TWO OF A KIND
Former senior White House adviser Dan Bartlett is joining forces with former Bush media campaign consultant Mark McKinnon, which is raising lots of eyebrows around town. Not that two old Bush hands would work together, but that Bartlett would sign on with McKinnon, who is increasingly becoming an embarrassment to the Bush Administration he helped put in power.
McKinnon signed on early with the McCain campaign in 2007 as a media consultant, but has announced publicly his intention to leave the McCain camp if Democrat Barack Obama wins the Democratic nomination. McKinnon has never hidden the fact that he was a lifelong Democrat before working for George W. Bush in Texas. McKinnon may also have been a facilitator in getting one of Sen. Harry Reid's closest advisers nominated by the White House to an influential job with the U.S. Broadcasting Board of Governors. Susan McCue, Reid's longtime chief of staff in the Senate, was nominated on Friday to the BBG. She currently serves as CEO of the global anti-AIDs ONE Campaign, where McKinnon also serves in a senior capacity.
Bartlett's signing on with McKinnon isn't as surprising to others, however, who have worked with both men. "Dan Bartlett wasn't a conservative, not in the sense of what most of us think is a conservative," says a longtime White House staffer who worked with Bartlett. "But more important, he wasn't very good at what he tried to do. Perhaps both of them will go to work for Obama and it will end up helping Republicans win the White House."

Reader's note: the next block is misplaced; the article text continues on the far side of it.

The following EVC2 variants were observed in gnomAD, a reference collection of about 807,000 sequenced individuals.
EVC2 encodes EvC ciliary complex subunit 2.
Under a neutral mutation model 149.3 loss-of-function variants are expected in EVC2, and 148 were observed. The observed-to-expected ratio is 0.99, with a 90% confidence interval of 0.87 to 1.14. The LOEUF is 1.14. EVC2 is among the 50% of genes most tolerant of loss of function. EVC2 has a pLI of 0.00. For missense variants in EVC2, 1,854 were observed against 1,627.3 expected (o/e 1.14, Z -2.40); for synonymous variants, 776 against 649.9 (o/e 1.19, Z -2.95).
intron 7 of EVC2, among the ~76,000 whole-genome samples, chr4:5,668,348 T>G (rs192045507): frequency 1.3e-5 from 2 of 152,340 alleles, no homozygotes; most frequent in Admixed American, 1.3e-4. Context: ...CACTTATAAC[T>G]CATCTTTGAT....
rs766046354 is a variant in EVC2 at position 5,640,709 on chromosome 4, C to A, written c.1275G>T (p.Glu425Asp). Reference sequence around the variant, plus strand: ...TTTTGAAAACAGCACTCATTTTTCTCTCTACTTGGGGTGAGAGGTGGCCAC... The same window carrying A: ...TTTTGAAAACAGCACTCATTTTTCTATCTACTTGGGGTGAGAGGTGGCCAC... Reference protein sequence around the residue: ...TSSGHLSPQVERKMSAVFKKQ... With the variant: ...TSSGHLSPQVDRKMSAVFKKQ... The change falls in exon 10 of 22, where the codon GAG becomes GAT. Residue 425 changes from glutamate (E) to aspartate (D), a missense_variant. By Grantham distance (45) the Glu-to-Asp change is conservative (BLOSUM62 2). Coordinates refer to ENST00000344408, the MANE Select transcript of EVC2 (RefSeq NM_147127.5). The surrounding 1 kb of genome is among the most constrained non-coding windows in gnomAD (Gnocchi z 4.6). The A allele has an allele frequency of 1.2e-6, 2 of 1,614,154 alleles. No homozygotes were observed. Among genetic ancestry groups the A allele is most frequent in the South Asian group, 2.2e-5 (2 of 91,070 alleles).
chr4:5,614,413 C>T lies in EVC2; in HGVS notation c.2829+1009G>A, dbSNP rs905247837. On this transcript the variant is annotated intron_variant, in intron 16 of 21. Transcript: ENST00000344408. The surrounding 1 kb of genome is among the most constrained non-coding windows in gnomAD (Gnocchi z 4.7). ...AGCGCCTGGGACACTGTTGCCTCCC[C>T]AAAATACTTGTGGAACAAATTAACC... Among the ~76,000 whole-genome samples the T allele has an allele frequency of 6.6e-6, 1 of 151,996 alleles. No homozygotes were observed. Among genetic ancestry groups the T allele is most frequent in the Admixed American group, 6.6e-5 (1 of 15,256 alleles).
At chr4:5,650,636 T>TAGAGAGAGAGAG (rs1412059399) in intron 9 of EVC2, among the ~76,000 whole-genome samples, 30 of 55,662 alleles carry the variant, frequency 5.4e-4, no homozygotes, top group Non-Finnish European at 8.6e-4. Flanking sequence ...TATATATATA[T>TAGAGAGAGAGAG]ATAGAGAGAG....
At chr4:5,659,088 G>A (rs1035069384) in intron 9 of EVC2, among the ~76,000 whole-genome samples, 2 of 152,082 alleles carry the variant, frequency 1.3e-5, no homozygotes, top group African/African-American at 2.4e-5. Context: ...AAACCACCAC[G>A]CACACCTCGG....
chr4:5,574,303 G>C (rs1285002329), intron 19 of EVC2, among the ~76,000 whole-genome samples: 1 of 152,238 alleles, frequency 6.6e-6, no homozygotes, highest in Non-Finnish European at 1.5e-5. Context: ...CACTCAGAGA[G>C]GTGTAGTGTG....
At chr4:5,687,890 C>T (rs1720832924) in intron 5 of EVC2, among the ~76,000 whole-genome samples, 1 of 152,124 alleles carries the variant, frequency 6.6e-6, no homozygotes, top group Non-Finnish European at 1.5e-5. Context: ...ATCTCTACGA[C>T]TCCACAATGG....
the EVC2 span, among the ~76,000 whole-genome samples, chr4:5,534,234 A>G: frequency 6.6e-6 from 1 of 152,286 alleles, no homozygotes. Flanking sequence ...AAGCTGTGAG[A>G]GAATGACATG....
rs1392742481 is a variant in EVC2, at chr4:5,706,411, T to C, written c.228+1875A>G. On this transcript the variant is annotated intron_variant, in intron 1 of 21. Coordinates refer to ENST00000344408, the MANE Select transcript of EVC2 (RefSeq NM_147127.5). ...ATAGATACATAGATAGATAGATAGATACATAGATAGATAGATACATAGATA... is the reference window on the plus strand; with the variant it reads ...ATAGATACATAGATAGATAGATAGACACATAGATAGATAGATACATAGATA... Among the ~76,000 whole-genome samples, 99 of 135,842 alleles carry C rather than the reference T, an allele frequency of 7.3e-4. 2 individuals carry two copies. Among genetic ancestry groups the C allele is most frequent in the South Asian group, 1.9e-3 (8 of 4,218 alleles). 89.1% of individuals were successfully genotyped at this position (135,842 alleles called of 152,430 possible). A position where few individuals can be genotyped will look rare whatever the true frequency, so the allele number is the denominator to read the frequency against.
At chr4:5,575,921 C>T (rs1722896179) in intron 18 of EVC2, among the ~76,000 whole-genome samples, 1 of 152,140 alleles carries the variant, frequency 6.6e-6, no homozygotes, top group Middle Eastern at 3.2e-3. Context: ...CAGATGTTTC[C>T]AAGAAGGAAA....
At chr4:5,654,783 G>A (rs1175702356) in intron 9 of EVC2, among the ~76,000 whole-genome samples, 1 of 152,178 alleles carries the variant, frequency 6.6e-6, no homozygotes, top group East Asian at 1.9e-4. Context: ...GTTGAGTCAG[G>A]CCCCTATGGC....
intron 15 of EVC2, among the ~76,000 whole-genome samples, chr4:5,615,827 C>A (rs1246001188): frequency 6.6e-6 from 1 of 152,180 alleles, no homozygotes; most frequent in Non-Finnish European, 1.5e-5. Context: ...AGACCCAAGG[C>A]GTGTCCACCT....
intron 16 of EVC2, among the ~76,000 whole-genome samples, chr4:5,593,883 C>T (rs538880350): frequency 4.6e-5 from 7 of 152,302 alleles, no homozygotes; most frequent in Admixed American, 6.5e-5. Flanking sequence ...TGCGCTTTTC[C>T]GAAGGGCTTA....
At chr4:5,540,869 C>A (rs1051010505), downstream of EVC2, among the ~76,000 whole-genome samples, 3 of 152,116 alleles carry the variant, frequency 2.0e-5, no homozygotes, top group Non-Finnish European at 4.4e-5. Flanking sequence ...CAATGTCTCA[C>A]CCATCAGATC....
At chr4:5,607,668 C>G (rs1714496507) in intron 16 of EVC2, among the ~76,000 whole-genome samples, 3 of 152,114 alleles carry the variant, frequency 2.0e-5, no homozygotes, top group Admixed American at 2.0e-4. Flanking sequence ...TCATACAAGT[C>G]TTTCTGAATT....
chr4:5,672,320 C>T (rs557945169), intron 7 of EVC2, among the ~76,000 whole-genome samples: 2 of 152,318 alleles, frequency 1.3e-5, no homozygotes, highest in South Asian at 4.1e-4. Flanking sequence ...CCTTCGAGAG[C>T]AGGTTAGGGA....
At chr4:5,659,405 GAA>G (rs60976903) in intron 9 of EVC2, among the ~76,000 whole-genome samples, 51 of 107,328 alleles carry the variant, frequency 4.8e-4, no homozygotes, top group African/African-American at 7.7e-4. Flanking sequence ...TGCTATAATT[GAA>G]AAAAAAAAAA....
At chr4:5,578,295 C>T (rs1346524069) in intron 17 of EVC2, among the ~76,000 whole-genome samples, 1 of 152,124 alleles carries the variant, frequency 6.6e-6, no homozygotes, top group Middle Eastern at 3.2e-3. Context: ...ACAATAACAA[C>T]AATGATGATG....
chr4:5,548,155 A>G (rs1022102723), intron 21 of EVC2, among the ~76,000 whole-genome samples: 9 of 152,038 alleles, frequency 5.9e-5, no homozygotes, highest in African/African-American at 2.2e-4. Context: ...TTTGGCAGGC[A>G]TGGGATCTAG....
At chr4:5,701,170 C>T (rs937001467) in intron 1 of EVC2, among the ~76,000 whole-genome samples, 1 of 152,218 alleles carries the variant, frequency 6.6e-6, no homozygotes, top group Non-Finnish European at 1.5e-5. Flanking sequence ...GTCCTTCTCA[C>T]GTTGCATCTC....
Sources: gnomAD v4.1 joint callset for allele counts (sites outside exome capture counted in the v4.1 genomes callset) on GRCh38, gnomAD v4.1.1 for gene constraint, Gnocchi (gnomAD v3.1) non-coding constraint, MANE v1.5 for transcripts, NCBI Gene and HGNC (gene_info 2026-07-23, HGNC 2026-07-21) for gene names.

Mitt Romney's paid-for social conservative adviser James Bopp has been posting on conservative websites attempting to clarify his attacks on Sen. Sam Brownback after Brownback held a courtesy meeting with pro-choice Republican presidential candidate Rudy Giuliani.
Giuliani had requested the meeting and Brownback agreed, according to Brownback sources.
Bopp, however, attacked Brownback for betraying his pro-life values for taking the meeting and then saying nice things about Giuliani. "Part of what may be driving some of the Romney guys nuts is that they know Senator Brownback simply would not endorse Romney because of his pro-choice history," says a long-time pro-life activist in Washington. "Romney expected guys like Bopp to make things easier for him with social conservatives and it hasn't worked out."
Bopp attacked Brownback with the support of the Romney campaign, even though the campaign had already requested a similar meeting between their candidate and Brownback last week. The meeting was canceled after Bopp's comments to a left-wing blog were spread across the Internet. Further, Bopp's remarks were repudiated by the National Right to Life Committee in a letter sent to Brownback late last week. "We reject most emphatically anyone's suggestion that you have sacrificed or would sacrifice the interests of the unborn in order to garner some 'personal political benefit," the letter emphasized.
Bopp has disputed that the NRLC repudiated the remarks, but the letter is clearly a distancing of the organization from its longtime legal adviser. "Mr. Bopp has served as NRLC's general counsel for many years, but he is not an in-house general counsel; he has many other clients," the letter, signed by NRLC's president, executive director, and legislative director, noted. "Mr. Bopp is also involved in political activities in his personal capacity. It is in his personal capacity that he has endorsed Mr. Romney's candidacy, and it is in his personal capacity that he gives interviews on such matters...."